For these patterns, use all bicolor loops. When you are about to start braiding, set the loops up on the fingers as I describe below for each pattern. In the directions below, “Black” means: Set the loop onto the finger with its dark shank in upper position, whereas “White” means: set the light shank of the loop in upper position on the finger. All colors will return to these positions on the fingers by the end of each pattern repeat—7 full braiding cycles—as long as you haven’t made any mistakes.
The “Edge” pattern is an exception. With this set-up, the loops will return to the same color distribution on the fingers after each braiding cycle (4 loop transfers), so the “Edge” pattern repeat is only one cycle long. That makes it a good pattern to practice the braid with—you can error-check to make sure the color distribution is correct after each cycle, instead of counting 7 cycles before knowing if you’ve made a mistake.
If you’ve made a mistake and (after one full pattern repeat) one loop is in the wrong orientation, the easiest way to fix it is just to turn it on the finger to be in the correct color-orientation, and continue braiding. (The fussy way to correct is to unbraid back past the mistake.)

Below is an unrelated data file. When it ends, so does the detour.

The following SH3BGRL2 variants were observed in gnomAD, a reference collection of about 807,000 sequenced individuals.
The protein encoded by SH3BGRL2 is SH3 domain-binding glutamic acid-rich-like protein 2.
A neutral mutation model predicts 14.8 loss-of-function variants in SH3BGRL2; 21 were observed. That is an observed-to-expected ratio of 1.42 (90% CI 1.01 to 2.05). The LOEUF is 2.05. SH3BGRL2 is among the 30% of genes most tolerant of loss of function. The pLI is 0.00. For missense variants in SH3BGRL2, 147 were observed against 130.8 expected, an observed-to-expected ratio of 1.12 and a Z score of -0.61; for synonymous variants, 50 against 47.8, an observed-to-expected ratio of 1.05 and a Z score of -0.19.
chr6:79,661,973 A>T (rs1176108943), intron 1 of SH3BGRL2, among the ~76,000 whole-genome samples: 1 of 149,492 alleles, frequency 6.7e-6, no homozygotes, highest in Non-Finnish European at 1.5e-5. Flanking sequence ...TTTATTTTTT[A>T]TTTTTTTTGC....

[new: Gary's online pattern planner for this braid can show how the loops should look on your fingers after each cycle of any pattern! see note **** ]
a, b, c, d = index–little finger
Edge pattern—first pattern in each braid (and repeated between the other patterns)—simple lengthwise stripes of color:
Left hand loops: a-black up, b-black, (no loop on c), d-white
Right hand loops: a-black, b-black, c-white, d-white
a, b, c, d = index–little finger loops. Each loop is bicolor–half light, half dark.
In Gary Mitchell’s new interactive pattern-planner for this 7-loop spanish braid, the Edge pattern’s ID # is 585—if you enter that # into the box on the first page and click on “submit,” you will see a chart for this color-pattern.